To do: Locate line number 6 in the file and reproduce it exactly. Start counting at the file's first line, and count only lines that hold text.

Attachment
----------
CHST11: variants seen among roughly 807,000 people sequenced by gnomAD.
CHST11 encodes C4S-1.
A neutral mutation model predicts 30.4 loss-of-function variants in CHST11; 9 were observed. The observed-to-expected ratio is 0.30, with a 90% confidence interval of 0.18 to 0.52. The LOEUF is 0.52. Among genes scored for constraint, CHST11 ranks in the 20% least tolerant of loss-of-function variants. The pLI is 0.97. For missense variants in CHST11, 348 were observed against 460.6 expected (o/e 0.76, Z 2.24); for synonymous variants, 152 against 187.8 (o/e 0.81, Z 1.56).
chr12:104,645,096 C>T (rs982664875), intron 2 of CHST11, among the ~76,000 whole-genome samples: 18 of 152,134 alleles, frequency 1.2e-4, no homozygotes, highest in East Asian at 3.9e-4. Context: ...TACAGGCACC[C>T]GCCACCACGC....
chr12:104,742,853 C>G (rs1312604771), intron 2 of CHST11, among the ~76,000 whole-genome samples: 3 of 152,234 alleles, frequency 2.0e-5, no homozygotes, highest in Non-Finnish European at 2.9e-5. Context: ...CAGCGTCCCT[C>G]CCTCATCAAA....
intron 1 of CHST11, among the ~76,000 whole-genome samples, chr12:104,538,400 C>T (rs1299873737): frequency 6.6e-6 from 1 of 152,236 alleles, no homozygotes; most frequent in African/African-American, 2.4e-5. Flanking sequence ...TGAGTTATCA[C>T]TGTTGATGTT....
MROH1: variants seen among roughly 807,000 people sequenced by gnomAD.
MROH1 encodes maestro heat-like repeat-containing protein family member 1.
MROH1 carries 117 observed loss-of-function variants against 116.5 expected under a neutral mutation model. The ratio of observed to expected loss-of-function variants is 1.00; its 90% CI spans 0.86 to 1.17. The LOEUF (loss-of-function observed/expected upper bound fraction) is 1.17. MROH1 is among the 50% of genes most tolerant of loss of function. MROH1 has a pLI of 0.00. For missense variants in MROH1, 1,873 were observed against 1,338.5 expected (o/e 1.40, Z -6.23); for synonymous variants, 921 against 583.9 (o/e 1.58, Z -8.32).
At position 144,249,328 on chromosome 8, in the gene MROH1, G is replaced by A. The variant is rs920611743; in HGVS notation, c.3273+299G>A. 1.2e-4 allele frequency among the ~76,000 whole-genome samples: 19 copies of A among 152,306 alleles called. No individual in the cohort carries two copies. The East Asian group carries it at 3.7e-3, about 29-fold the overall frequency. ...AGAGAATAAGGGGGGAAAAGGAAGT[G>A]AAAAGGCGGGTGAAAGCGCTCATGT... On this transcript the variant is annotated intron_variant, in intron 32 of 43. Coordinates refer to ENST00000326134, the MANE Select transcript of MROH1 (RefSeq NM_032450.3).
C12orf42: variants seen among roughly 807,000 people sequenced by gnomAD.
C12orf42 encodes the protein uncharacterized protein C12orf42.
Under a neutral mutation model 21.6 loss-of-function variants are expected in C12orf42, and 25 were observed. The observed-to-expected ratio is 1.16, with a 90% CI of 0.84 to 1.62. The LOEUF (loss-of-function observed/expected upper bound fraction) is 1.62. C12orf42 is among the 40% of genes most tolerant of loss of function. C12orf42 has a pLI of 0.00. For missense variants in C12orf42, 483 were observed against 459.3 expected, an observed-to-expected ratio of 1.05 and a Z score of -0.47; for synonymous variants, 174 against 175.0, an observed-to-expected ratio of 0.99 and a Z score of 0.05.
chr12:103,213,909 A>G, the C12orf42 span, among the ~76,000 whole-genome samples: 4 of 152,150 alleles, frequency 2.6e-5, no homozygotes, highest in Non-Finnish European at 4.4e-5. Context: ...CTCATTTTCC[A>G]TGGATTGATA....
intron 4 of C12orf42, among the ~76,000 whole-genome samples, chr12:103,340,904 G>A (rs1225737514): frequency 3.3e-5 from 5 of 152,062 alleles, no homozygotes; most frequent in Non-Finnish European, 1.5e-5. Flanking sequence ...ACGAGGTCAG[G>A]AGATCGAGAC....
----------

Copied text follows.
intron 1 of CHST11, among the ~76,000 whole-genome samples, chr12:104,538,400 C>T (rs1299873737): frequency 6.6e-6 from 1 of 152,236 alleles, no homozygotes; most frequent in African/African-American, 2.4e-5. Flanking sequence ...TGAGTTATCA[C>T]TGTTGATGTT....